Headshot of a smiling woman with light skin tone and straight auburn hair wearing a dark suit jacket against a blurred indoor background

Lorraine Kelley-Quon, MD, MSHS, FACS, FAAP
General Pediatric Surgery

Work That Matters

Faculty Spotlight: Lorraine Kelley-Quon, MD, MSHS, FACS, FAAP

Growing up, Dr. Kelley-Quon traveled to Africa on several occasions with her father, a family physician who runs a medical relief organization.

“In high school I did medical relief work with him in South Sudan and Kenya,” she shares. “That sparked my interest in medicine because I saw the difference you can make in someone’s life.”

As a pediatric surgeon at CHLA, Dr. Kelley-Quon enjoys making a lifesaving impact on individual families. But it’s through research that she has broadened her reach. Her biggest focus: understanding how to safely prescribe opioid medications for babies, children and adolescents.

Three years ago, she led the development of the first-ever guidelines for prescribing opioids to children and adolescents after surgery. Today, she and her team are focused on opioid stewardship for another group of young patients: babies.

“There hasn’t been enough evidence to create similar guidelines for infants,” she explains. “My lab is looking for the sweet spot—what amount of opioids can treat babies’ pain, without negatively impacting their development?”

Her team recently found that 20% of hospitalized infants in the U.S. receive opioids—with prescribed amounts varying widely between centers. The team has also shown that receiving an opioid called methadone can prolong babies’ recovery after surgery and increase their dependence on ventilators and intravenous nutrition.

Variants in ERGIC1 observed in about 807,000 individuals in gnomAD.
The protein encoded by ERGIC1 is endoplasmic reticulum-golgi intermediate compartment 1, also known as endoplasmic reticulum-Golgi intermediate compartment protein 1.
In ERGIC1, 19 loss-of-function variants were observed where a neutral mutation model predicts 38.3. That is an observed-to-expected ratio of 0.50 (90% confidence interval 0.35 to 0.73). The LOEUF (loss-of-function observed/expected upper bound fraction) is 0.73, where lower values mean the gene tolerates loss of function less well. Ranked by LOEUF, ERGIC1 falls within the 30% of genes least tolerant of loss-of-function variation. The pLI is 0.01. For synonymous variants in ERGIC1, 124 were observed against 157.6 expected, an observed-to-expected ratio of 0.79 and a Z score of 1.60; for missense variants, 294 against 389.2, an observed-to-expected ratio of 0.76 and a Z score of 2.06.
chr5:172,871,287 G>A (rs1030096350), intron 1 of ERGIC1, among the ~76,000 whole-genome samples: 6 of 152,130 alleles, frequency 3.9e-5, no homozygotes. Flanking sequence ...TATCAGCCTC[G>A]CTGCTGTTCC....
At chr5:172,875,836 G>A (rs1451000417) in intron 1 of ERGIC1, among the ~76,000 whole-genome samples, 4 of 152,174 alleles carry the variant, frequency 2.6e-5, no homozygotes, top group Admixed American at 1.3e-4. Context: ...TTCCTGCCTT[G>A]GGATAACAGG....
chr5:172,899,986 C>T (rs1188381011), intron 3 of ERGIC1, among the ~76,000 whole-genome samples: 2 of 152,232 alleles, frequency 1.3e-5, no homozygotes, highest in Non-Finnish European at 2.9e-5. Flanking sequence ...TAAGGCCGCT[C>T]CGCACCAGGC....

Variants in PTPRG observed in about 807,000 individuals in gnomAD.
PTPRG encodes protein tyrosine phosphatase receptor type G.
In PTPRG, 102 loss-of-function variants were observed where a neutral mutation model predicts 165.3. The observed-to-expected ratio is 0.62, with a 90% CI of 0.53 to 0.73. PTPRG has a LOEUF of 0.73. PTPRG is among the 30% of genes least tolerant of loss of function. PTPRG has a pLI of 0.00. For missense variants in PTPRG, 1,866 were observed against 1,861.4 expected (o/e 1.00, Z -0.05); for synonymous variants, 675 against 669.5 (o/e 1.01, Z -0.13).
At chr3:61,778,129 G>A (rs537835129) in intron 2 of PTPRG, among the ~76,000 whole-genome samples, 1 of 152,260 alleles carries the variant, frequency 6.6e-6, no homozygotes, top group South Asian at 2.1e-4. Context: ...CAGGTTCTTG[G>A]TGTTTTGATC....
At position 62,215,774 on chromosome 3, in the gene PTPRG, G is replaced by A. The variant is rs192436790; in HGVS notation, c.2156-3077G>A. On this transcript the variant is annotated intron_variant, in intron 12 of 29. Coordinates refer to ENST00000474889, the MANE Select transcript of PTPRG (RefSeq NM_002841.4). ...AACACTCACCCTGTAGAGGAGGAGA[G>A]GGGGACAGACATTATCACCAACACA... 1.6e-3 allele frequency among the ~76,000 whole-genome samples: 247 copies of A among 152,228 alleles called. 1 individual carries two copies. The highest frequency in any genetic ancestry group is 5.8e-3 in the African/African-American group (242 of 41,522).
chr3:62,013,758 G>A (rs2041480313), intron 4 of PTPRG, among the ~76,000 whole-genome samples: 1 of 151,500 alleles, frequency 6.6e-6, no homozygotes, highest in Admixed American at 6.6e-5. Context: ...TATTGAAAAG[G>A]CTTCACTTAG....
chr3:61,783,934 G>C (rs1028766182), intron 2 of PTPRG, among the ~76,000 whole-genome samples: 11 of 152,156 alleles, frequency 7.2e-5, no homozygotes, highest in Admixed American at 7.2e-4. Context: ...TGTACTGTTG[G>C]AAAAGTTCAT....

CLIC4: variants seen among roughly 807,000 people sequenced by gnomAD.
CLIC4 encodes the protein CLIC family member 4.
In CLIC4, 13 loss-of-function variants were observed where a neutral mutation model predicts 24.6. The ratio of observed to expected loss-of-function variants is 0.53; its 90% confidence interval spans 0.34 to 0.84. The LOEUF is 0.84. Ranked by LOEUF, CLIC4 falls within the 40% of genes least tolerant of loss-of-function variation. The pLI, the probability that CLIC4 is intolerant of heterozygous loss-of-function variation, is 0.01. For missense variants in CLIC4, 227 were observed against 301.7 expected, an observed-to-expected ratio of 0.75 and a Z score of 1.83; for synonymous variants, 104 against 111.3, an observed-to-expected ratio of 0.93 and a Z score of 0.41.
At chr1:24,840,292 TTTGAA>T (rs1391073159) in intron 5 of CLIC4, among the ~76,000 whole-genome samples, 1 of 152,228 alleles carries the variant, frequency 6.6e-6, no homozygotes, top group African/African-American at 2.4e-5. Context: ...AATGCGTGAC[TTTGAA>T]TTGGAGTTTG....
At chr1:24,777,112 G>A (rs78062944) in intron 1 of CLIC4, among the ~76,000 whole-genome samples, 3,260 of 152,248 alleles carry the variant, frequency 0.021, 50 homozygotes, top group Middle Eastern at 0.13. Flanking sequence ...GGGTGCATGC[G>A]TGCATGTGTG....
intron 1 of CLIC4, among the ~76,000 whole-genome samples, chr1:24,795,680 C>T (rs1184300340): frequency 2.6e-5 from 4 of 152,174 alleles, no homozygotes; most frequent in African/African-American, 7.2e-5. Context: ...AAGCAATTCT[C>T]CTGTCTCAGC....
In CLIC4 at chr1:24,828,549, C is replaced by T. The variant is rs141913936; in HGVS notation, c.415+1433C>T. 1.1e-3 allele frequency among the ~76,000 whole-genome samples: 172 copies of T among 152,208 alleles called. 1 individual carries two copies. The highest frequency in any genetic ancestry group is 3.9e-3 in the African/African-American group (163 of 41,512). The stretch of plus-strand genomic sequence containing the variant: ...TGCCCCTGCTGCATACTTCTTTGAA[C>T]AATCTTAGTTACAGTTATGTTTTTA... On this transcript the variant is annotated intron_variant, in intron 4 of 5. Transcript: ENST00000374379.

In addition, Dr. Kelley-Quon is collaborating with investigators at Lucille Packard Children’s Hospital Stanford and Miller Children’s and Women’s Hospital to study how hospital opioids affect babies’ brain development. Much of her work is funded by a $3 million grant from the National Institutes of Health.

“I like research because I can go from caring for patients to looking at the 30,000-foot view—the bigger picture of how we impact children over the long term,” she says. “I find that very compelling.”

After hours, Dr. Kelley-Quon spends much of her free time with her husband and two children, ages 8 and 11. Her latest hobbies include paddleboarding and walking the family’s newest member: a 2-year-old labradoodle named Max.